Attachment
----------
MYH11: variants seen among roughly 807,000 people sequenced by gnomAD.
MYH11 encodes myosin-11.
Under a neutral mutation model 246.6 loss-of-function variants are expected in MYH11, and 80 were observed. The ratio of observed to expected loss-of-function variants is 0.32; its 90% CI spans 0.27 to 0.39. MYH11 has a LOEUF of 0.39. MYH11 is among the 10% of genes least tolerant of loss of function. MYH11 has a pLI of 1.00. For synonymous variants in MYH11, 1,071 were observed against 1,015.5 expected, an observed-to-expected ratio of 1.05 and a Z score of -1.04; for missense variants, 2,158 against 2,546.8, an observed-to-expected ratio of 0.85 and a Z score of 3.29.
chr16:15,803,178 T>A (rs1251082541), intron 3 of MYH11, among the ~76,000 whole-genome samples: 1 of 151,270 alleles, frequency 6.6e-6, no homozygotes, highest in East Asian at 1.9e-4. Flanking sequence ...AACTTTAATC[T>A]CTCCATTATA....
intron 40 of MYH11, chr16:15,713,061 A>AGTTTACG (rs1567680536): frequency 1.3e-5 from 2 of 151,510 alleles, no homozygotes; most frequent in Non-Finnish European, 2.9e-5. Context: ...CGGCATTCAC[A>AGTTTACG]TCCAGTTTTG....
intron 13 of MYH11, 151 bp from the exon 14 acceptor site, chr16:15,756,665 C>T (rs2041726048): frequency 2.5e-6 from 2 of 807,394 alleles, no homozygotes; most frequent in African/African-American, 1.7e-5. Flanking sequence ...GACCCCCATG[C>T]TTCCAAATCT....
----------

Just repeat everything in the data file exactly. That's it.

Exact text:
MYH11: variants seen among roughly 807,000 people sequenced by gnomAD.
MYH11 encodes myosin-11.
Under a neutral mutation model 246.6 loss-of-function variants are expected in MYH11, and 80 were observed. The ratio of observed to expected loss-of-function variants is 0.32; its 90% CI spans 0.27 to 0.39. MYH11 has a LOEUF of 0.39. MYH11 is among the 10% of genes least tolerant of loss of function. MYH11 has a pLI of 1.00. For synonymous variants in MYH11, 1,071 were observed against 1,015.5 expected, an observed-to-expected ratio of 1.05 and a Z score of -1.04; for missense variants, 2,158 against 2,546.8, an observed-to-expected ratio of 0.85 and a Z score of 3.29.
chr16:15,803,178 T>A (rs1251082541), intron 3 of MYH11, among the ~76,000 whole-genome samples: 1 of 151,270 alleles, frequency 6.6e-6, no homozygotes, highest in East Asian at 1.9e-4. Flanking sequence ...AACTTTAATC[T>A]CTCCATTATA....
intron 40 of MYH11, chr16:15,713,061 A>AGTTTACG (rs1567680536): frequency 1.3e-5 from 2 of 151,510 alleles, no homozygotes; most frequent in Non-Finnish European, 2.9e-5. Context: ...CGGCATTCAC[A>AGTTTACG]TCCAGTTTTG....
intron 13 of MYH11, 151 bp from the exon 14 acceptor site, chr16:15,756,665 C>T (rs2041726048): frequency 2.5e-6 from 2 of 807,394 alleles, no homozygotes; most frequent in African/African-American, 1.7e-5. Flanking sequence ...GACCCCCATG[C>T]TTCCAAATCT....